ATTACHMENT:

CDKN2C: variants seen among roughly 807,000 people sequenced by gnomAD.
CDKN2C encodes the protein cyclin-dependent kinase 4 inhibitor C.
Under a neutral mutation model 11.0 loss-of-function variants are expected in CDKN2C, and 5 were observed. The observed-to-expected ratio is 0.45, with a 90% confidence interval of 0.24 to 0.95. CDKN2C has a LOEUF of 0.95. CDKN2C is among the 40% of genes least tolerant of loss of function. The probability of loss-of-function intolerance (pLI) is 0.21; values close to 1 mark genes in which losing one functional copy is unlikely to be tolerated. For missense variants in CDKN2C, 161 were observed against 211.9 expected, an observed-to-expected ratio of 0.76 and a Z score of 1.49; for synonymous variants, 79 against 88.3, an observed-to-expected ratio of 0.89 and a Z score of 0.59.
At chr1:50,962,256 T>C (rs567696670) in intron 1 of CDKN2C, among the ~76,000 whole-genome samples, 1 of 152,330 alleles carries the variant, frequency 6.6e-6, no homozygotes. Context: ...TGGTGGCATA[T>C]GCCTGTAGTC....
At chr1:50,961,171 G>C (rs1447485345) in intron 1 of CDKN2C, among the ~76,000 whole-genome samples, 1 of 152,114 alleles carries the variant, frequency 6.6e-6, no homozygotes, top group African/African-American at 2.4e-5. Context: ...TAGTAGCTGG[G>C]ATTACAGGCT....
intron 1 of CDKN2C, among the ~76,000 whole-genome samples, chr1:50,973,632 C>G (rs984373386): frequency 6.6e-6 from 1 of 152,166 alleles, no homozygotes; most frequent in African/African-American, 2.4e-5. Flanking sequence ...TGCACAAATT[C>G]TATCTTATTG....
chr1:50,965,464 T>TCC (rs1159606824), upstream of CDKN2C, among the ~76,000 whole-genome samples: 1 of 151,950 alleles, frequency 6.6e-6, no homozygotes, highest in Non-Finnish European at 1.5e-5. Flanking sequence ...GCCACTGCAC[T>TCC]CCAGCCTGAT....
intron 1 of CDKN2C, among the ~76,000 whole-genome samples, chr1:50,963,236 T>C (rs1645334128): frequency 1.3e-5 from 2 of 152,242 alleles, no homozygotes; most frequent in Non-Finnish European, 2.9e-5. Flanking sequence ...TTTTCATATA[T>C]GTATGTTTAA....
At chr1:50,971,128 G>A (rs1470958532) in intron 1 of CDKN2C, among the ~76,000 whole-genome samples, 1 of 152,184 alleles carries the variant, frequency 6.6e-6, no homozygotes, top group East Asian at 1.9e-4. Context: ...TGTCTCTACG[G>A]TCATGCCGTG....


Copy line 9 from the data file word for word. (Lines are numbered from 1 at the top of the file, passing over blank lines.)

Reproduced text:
At chr1:50,971,128 G>A (rs1470958532) in intron 1 of CDKN2C, among the ~76,000 whole-genome samples, 1 of 152,184 alleles carries the variant, frequency 6.6e-6, no homozygotes, top group East Asian at 1.9e-4. Context: ...TGTCTCTACG[G>A]TCATGCCGTG....